Differential Drive Odometry in LabVIEW

I couldn’t find any LabVIEW code out there that did differential drive odometry. I probably was looking in the wrong places. Regardless, I decided to try and tackle it myself. Attached is the resulting code in hopes that it will help another team. If nothing else, it is a fun example to play around with. :slight_smile:

I put together a sample VI that calculates some useful information if you have a this type of drive system with encoders at each side. The calculations are based on a PDF found here:

In your main loop, supply the VI with distance readings from left and right wheel encoders and and the wheelbase of the encoder wheels. It will output Distance Traveled, Heading, and the current X and Y of the robot.

Just as a disclaimer… This VI has only been implemented in the attached sample application. I’ve not seen how it behaves yet with real encoder data. YMMV.

This is my first post here. I’m new to LabVIEW (as I’m sure most of you are) and this is only our team’s second year in FRC. I’ll do my best to answer any questions about the code. Any feedback would be appreciated!

I’ve attached a screenshot of the front panel in action along with the source files.



DifferentialDriveOdometry.zip (58.5 KB)

DifferentialDriveOdometry.zip (58.5 KB)

Hi brian.

I was looking for an example of this topic and this post is all I got. Thank you very much for sharing!

However, I´m confused about some details in the code (calculating Wheel Rates, wheel base…). The original documentation (odometry.pdf) that you linked is nowhere to be found. Do you have it? Could you upload it, please?

I´m aware that this topic has 2 years so I think it´s meaningless to ask it now, but it would help me A LOT if its possible for you to share the documentation (or your knowledge :slight_smile: ).

I have made something very similar but i have used a picture instead of a graph.

While I haven’t tested your code, our code looks almost identical. This is how we’ve been doing autonomous for quite some time now. Excellent job.

I wasn’t able to find the original Odometry.pdf anywhere in my source code repository (ack!). I did find this page which seems pretty close to what I remember reading. I haven’t looked at the code in a couple of years, so I may be way off. (c:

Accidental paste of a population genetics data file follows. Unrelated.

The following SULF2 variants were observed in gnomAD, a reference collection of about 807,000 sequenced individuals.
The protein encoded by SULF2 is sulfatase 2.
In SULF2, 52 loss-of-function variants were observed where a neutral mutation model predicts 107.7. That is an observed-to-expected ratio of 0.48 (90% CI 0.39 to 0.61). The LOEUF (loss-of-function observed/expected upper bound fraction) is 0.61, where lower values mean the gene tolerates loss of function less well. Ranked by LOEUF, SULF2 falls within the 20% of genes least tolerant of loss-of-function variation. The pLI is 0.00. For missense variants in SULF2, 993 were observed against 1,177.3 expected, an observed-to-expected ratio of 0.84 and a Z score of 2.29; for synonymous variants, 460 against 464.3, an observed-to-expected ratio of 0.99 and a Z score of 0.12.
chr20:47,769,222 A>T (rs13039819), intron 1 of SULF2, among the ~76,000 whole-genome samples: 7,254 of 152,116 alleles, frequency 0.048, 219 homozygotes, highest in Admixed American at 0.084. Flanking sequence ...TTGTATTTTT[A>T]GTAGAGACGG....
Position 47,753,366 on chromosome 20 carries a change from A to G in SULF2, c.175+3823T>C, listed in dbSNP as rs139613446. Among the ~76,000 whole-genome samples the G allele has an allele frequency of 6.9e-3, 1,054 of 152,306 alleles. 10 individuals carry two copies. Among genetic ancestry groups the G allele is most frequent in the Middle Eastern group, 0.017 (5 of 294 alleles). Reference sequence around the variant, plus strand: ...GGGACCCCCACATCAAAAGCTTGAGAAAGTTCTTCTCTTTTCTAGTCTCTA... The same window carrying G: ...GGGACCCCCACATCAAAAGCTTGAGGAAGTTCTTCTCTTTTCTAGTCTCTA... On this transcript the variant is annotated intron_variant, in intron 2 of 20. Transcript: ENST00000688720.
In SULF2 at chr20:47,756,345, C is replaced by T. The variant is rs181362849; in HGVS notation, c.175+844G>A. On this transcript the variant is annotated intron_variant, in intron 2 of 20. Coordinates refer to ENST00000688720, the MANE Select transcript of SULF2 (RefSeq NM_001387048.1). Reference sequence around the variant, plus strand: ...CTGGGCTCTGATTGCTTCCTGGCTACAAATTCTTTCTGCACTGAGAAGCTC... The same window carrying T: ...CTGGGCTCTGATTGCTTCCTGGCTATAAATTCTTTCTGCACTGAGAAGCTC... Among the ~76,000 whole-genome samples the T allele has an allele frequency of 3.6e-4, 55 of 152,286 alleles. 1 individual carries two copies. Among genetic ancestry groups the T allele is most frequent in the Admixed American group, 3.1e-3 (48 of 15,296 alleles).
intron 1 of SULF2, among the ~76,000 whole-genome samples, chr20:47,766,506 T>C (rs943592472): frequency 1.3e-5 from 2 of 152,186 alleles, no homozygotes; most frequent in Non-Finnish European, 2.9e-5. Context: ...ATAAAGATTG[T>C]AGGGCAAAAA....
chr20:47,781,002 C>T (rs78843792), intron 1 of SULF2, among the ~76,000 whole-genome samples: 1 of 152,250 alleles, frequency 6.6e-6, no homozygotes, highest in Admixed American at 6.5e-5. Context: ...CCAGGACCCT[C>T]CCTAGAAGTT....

I did find a couple of updated versions of the CalculateOdometry.vi in my repository. I assume I fixed something, but who knows what. I have attached them in hopes that they may be of help.

I don’t have LabVIEW installed at the moment so I have no idea what I’m posting here. It might be a good idea to shield your eyes when opening these…

Best of luck!


CalculateOdometry.zip (21.1 KB)

CalculateOdometry.zip (21.1 KB)

Thank you all for the info.

Yesterday I found 2 interesting links:


(Same aproximation as brian used)


(There is a PDF, page 20, same aproximation but more “in depth”)

With everything I got and your replies, I think I understand the whole process, except the very beginning… brian calculated:

Left Wheel = Speed + Turn Rate
Right Wheel = Speed – Turn Rate

What exactly is “Turn Rate”? Obviously thats not an angle, I think it´s a transformation of some data input from the wheel encoders, but Im not sure where it comes from. I didn´t found anything about that…

(Well, I know it´s only a “simulation” and you actually set it manually from the instrument panel, Im talking about how it applies in a real situation).

Sorry if I ask something stupid, I´m a noob in robotics, this is my third month studying this field ::rtm:: Which I have to say, I found it pretty hard, time-consuming, but also fascinanting!

BTW, I have to check better and compare the last VIs brian posted.

Oh, and maybe you can find this interesting, is a simulation comparing real trace VS Dead Reckoning aproximation: http://rossum.sourceforge.net/tools/MotionApplet/MotionApplet.html

If “speed” is the vehicle forward speed command in feet/sec, then the “turn rate” is equal to (L/2)*omega, where omega is the vehicle rotation rate command in radians per second and L is the vehicle trackwidth measured in feet. The above formulas will then give the required tangential velocity (in feet per second) for the left and right wheels (which can be converted to wheel rpm by multiplying by 360/pi and dividing by the wheel radius in inches).


Thank you very much, Ether :slight_smile: Finally I understand the whole process.